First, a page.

Chapter 7 : Part II Overview

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This section provides an overview of five chapters that discuss the general principles of pathogen evolution (chapters 8 and 9) and the mechanisms by which specific bacterial virulence determinants may have evolved (chapters 10, 11, and 12). The discussion on environmental settings that provided selection pressures for the evolution of certain virulence determinants focuses on soil (chapter 8) and the human gut (chapter 9). To begin to analyze complicated and dynamic microbial communities and how they contribute to health and disease will certainly necessitate the development of approaches quite different from those developed to specifically focus on bacterial pathogenesis. While the first two chapters focus on the selective pressures that drive the evolution of factors that can contribute to disease, the third chapter focuses on the mechanistic question of how one class of bacterial virulence determinants (exotoxins) evolved and moved between different microbial species. There are several systems that microbes utilize to solve the problem of translocating macromolecules across their two membranes. Apart from acquisition of antibiotic resistance mechanisms by horizontal gene transfer, the authors describe the rise of antibiotic-resistant strains by mutation. The frequency with which strains with increased rates of mutation are isolated upon challenge with antibiotics is also discussed.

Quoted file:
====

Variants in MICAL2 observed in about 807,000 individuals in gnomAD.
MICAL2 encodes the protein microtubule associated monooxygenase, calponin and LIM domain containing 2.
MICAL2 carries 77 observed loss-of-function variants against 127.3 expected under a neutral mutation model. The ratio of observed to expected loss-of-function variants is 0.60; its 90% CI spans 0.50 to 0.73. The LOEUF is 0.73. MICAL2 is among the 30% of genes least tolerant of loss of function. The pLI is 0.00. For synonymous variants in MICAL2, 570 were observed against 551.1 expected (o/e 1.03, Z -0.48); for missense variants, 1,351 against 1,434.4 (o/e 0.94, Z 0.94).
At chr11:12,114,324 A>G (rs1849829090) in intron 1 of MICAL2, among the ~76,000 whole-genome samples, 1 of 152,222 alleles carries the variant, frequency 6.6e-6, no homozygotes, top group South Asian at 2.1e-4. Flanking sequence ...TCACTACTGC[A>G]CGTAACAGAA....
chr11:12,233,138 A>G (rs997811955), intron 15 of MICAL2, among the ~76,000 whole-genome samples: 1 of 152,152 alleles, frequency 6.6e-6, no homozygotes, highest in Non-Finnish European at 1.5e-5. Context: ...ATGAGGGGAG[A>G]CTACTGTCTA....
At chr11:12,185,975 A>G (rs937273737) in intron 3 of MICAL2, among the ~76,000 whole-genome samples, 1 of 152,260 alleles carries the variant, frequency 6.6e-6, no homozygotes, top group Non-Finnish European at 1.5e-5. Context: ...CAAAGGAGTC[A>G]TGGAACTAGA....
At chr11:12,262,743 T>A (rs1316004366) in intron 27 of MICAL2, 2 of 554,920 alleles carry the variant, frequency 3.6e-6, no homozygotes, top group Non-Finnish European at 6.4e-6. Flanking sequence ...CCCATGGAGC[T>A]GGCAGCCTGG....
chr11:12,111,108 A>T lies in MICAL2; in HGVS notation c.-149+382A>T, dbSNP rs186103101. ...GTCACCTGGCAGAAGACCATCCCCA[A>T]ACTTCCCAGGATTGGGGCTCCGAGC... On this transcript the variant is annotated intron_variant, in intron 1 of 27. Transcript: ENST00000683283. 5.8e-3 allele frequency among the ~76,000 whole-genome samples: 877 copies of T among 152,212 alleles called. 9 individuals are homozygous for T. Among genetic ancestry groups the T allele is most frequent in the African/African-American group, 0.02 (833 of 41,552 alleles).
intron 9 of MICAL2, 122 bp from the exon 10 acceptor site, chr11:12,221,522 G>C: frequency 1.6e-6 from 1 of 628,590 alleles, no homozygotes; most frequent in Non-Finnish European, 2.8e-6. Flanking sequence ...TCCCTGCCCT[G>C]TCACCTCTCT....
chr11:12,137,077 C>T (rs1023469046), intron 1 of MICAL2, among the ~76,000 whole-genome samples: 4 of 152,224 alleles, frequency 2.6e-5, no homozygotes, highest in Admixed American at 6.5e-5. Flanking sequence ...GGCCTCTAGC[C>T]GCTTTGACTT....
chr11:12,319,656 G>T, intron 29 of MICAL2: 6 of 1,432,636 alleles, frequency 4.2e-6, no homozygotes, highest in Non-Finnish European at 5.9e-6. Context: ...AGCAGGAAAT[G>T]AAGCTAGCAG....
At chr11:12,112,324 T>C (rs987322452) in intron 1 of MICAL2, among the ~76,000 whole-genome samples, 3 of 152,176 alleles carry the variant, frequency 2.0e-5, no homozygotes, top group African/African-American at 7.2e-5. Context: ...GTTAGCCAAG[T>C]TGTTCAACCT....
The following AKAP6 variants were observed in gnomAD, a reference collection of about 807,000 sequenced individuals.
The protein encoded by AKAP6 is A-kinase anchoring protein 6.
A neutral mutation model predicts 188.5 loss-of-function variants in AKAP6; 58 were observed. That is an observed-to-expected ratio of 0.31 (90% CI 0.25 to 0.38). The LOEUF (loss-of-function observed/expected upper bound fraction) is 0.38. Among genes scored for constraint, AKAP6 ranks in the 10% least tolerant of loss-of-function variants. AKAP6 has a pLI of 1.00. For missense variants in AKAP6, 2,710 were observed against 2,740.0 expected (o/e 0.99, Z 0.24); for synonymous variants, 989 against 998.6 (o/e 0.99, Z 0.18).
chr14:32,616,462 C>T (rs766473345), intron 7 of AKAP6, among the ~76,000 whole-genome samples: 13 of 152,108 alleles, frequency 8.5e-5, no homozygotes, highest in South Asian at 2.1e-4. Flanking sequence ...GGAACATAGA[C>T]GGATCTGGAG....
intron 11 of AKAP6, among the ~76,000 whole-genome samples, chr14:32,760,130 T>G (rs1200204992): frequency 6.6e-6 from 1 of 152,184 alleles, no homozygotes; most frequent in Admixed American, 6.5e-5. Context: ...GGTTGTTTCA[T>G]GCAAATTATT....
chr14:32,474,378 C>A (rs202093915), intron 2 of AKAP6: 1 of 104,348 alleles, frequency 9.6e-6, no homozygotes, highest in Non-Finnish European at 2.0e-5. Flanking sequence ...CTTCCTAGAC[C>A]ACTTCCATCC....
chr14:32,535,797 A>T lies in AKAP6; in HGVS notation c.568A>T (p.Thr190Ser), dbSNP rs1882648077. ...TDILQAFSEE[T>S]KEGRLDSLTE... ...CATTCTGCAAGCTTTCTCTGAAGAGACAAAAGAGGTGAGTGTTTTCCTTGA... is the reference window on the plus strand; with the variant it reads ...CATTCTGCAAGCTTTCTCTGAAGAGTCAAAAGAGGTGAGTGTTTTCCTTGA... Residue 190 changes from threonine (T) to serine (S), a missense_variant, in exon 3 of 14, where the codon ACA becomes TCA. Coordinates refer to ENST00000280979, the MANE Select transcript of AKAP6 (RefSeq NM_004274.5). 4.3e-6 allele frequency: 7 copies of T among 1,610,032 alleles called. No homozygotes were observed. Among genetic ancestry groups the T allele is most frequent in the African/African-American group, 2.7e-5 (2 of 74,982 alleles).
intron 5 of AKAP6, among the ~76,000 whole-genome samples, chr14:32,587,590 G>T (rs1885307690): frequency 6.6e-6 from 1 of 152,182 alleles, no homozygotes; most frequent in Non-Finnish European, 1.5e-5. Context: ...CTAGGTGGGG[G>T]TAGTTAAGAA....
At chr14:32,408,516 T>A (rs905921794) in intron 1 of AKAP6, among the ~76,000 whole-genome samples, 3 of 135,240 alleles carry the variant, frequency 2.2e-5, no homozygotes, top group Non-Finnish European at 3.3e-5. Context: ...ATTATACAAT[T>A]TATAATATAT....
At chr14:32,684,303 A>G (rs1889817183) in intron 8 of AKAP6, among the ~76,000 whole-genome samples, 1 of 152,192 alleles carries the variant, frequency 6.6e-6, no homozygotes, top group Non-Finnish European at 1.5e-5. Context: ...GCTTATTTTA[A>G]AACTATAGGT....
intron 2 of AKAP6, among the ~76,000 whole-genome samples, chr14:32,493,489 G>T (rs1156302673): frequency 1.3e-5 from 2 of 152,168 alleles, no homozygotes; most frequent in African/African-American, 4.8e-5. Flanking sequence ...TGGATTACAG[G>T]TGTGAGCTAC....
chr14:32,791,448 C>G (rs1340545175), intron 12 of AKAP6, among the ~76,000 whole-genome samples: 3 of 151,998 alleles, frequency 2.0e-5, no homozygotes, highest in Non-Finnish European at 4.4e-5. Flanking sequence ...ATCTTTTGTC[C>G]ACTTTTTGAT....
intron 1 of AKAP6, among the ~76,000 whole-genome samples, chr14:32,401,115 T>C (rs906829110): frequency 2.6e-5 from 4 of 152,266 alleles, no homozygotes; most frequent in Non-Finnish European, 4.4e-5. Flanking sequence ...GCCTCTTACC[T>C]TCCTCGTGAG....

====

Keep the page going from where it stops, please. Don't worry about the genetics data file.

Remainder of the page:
Citation: Kolter R, Hogan D. 2006. Part II Overview, p 125-129. In Seifert H, DiRita V (ed), Evolution of Microbial Pathogens. ASM Press, Washington, DC. doi: 10.1128/9781555815622.ch7
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